David Hughes is no stranger to the Summer Olympics, having participated in 2004 and 2012. But when he and his sailing partner Stuart McNay take to the water next week in Rio de Janeiro, it will be the first time he competes as an Olympic athlete.

Hughes, 38, is a graduate of Yarmouth High and the University of Southern Maine who now lives in Miami. He will race with McNay in the 470 class – a two-man dinghy – during sailing competitions scheduled for Aug. 8-18.

Hughes was a training partner in the 2004 Olympics in Athens, where the U.S. 470 team of Paul Foerster and Kevin Burnham won a gold medal. Eight years later, Hughes coached the U.S. 49er team of Trevor Moore and Erik Storck to a 15th-place finish at the London Games.

Following the 2012 Olympics, Moore convinced Hughes to make one more try as a sailor.

Moore, a close friend of Hughes, was lost at sea in June 2015. His death has been a driving force in Hughes’ quest for an Olympic berth.

“Every Olympic athlete is driven by a multitude of reasons as to why they’re competing,” Hughes told NBCSports.com. “Is it the pleasure of the sport? Is it for their family? Is it for themselves? But, for me, competing for Trevor is no small part of what drives me.… He will be there with me in Rio.”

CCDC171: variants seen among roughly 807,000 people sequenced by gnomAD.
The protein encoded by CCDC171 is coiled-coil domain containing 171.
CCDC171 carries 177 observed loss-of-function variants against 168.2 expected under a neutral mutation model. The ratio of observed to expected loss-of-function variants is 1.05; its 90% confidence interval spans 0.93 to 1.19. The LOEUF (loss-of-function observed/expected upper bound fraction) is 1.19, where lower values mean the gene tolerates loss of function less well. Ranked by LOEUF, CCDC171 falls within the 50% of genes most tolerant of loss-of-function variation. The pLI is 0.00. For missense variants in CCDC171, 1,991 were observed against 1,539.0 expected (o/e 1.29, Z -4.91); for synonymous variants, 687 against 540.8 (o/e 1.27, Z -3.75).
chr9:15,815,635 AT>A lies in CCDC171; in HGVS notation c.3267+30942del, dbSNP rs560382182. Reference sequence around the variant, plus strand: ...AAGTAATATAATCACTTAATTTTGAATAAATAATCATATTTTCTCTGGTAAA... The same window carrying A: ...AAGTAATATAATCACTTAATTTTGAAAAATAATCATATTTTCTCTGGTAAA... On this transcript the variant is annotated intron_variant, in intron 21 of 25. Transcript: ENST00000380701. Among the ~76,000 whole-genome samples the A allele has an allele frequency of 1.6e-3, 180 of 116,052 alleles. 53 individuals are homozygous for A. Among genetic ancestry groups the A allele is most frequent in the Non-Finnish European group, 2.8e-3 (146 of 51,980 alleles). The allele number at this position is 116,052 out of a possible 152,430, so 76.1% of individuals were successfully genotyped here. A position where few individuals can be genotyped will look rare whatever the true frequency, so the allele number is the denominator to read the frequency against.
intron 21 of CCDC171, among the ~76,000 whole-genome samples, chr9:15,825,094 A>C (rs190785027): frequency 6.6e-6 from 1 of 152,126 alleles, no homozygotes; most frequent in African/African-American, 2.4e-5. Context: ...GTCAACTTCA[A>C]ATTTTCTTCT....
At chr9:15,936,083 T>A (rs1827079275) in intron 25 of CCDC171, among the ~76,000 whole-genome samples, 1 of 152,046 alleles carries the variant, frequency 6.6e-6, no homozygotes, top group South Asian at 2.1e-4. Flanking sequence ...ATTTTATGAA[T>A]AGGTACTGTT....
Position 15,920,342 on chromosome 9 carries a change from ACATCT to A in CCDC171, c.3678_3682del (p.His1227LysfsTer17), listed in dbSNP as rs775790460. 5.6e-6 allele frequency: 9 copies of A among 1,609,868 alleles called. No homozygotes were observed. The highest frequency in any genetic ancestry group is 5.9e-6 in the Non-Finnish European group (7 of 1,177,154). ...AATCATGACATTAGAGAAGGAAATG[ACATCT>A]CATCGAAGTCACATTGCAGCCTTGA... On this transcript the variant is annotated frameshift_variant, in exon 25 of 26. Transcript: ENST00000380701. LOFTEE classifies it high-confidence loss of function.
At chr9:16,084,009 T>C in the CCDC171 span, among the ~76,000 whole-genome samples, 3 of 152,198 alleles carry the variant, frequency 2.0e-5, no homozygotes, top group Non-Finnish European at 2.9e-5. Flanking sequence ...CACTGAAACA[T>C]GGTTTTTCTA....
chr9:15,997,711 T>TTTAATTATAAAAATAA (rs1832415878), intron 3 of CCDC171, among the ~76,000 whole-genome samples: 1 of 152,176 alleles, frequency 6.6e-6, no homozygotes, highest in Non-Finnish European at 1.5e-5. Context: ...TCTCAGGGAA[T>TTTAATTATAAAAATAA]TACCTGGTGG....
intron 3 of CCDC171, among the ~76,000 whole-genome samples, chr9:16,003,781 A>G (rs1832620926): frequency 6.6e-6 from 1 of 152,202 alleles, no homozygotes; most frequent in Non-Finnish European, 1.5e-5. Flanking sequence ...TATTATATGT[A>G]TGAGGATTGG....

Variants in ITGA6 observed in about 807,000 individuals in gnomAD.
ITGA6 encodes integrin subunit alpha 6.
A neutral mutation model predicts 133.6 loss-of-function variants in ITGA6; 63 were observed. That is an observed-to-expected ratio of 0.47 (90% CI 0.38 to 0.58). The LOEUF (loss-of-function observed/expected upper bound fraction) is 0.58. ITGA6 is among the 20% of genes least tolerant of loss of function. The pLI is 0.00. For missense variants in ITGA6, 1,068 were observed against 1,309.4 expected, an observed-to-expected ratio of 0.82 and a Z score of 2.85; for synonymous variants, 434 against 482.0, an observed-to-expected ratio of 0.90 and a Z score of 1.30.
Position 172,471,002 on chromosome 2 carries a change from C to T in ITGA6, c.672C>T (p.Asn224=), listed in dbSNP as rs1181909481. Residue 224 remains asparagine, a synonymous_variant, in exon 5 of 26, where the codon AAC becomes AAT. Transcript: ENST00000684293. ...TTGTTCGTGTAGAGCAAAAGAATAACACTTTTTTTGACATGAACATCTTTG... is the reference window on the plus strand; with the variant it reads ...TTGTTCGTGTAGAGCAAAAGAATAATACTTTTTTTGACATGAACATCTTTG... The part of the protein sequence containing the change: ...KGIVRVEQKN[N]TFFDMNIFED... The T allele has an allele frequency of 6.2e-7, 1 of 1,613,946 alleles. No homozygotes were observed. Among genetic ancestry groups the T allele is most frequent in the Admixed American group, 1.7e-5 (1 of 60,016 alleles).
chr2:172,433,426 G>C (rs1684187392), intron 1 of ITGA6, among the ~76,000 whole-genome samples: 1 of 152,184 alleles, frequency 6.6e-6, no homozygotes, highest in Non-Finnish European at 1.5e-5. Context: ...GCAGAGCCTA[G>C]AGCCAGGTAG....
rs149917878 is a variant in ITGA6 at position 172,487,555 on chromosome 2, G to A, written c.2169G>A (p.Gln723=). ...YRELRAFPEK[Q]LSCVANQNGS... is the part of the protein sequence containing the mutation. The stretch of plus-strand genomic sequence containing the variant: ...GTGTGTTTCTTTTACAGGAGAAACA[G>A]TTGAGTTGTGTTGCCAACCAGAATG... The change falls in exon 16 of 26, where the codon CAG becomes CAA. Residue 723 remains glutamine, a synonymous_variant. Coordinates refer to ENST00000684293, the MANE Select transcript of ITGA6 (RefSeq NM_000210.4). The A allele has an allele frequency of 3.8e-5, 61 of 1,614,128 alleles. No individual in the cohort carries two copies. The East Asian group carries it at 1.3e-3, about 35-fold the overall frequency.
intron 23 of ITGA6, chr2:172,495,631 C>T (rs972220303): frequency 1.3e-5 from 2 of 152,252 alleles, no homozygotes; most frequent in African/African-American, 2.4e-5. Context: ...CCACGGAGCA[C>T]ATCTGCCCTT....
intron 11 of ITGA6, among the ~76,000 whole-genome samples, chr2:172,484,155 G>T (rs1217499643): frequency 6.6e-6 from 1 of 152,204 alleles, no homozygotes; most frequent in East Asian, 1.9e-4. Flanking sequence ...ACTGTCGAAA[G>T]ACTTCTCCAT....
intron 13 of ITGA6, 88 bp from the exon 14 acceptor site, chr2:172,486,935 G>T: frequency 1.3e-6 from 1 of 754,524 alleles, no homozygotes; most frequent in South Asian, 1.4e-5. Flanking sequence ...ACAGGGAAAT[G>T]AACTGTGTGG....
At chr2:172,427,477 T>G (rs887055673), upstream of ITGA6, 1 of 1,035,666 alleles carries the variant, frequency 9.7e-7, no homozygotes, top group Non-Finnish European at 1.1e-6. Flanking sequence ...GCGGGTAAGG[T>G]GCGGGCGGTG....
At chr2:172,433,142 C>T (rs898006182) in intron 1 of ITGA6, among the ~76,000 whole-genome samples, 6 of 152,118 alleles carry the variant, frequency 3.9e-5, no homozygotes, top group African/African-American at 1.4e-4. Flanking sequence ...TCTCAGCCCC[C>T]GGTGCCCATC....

Hughes was born in Ithaca, New York. His family moved to Maine and he attended schools in Yarmouth, getting involved with a youth sailing program at the Harraseeket Yacht Club in South Freeport. He attended USM, where he was a member of the Huskies sailing team in his final two seasons. According to his bio there, he sailed in the A boat his senior year.

He graduated from USM in 1999 with a degree in American government. While at USM, he secured internships in the U.S. Senate (1996), U.S. House of Representatives (1997) and the White House (1997-98). He was named a Rhodes Scholarship finalist in 1998.

After USM, Hughes became director of SailMaine, which oversees the Maine high school sailing league in the spring and fall.

Australia’s Matt Belcher and Malcolm Page are favored in the 470 Class in Rio, but Hughes and McNay could be medal contenders. They won gold medals in 2015 at the World Cup and the European Championships, and earned a bronze medal at the 2016 European Championships.

“Is that a guarantee of a medal at the Olympics? For sure not. But it does mean we’re on the right path, absolutely,” Hughes told The Associated Press.